The spelling of a president’s daughter

Inge Otto, research master student at the University of Leiden, wrote her BA thesis this summer on the letters of Abigail Adams, the daughter of one of the presidents of the United States. What follows is a summary of her findings:

Abigail Adams“Abigail Adams was born in Braintree, Massachusetts in July 1765. She was the eldest child of Abigail Smith (1744-1818), who belonged to a leading family in Braintree, and an ambitious lawyer called John Adams (1735-1826). Thirty years after Abigail’s birth, in 1797, the ambitions and hard work of her father made him the 2nd President of the United States.

During Abigail’s childhood, both her father and two of her brothers were more often away than at home in Braintree: the former for his travels and commitments abroad and the latter for their studies (in Auteuille, France and in Leiden, the Netherlands). To keep in touch with her father, her brothers John Quincy and Charles, and with other relatives, friends, and aquaintances, Abigail and her mother wrote letters.

Abigail Adams (2)A number of Abigail’s letters have come down to us, and they have been collected in the Adams Papers (books) but they are also available on the web (the Massachusetts Historical Society created an online database). For my bachelor thesis I decided to look into Abigail’s letters, and I came across numerous spellings that struck me as odd: chaimber, oald, attemted and Colledge were some of them. Abigail had been taught how to write letters (her father probably had her copy letters for him) and – unusual for girls in the eighteenth century – her parents had sent her to school in Boston for a while. How could these spelling variants be explained?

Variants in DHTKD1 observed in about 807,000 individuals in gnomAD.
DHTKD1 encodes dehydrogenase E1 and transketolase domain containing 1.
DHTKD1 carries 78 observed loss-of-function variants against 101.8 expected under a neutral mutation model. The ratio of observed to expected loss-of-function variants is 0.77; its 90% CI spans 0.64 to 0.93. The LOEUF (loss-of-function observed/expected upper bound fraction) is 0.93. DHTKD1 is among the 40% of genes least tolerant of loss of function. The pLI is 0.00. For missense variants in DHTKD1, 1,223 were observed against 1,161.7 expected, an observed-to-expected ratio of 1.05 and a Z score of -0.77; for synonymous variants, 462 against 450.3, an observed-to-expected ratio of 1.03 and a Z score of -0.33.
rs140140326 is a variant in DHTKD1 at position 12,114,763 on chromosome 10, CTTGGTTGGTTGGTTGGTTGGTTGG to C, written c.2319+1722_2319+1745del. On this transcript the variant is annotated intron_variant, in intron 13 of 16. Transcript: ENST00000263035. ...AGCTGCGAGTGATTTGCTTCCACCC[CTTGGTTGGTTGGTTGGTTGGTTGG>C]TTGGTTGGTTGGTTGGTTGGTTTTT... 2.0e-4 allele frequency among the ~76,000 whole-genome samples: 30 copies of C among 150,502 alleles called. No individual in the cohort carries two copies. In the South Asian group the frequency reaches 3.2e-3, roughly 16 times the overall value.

Unlike today, spelling in the eighteenth century was not fixed yet. In the Late Modern English period printers started to print books according to rules of the so-called printers’ spelling, but people did not necessarily adhere to these rules when writing private letters – not at all. There existed what Osselton (1984) called a “dual spelling system”.

The examples listed above happen to be phonetic spellings I found in letters Abigail wrote to people she had a very close relationship with: her brother John Quincy and her cousin Elizabeth Cranch. The way Abigail spelled these three words reflects the way she pronounced them. The fact that she wrote chaimber rather than chamber, suggests that she pronounced it as /tʃeɪmbə(r)/. In the case of oald, Abigail probably tried to spell the word like other words with the same sound, for instance Coachman – which she used in a letter to JQA in 1785 ­– for this word would be pronounced as /ˈkoʊtʃmən/.

Spelling variants like chaimber, oald, attemted, and Colledge occurred in informal letters Abigail wrote to her brother and cousin. However, formal letters which Abigail had sent to people that were neither relatives or friends of her did not show any of these phonetic spellings. What I concluded in my thesis, then, was that variation in Abigail’s spelling seemed to correlate with the relative formality of her letters.

Isn’t it amaizingly interesting what some 18th-century letters can tell you?”


Anon. The Adams Papers: Digital Collections. Massachusetts: Massachusetts Historical Society.

Butterfield, L.H., ed. (1963a), The Adams Papers Volume 1: December 1761-May        1776. Cambridge: The Belknap Press of Harvard UP.

Butterfield, L.H., ed. (1963b), The Adams Papers Volume 2: June 1776-March 1778. Cambridge: The Belknap Press of Harvard UP.

Gelles, Edith B. (1992), Portia: The World of Abigail Adams. Bloomington: Indiana       University Press.

Osselton, N. E. (1984), “Informal Spelling Systems in Early Modern English: 1500-        1800”, in Rydén, Tieken-Boon van Ostade and Kytö (eds), 33-45.

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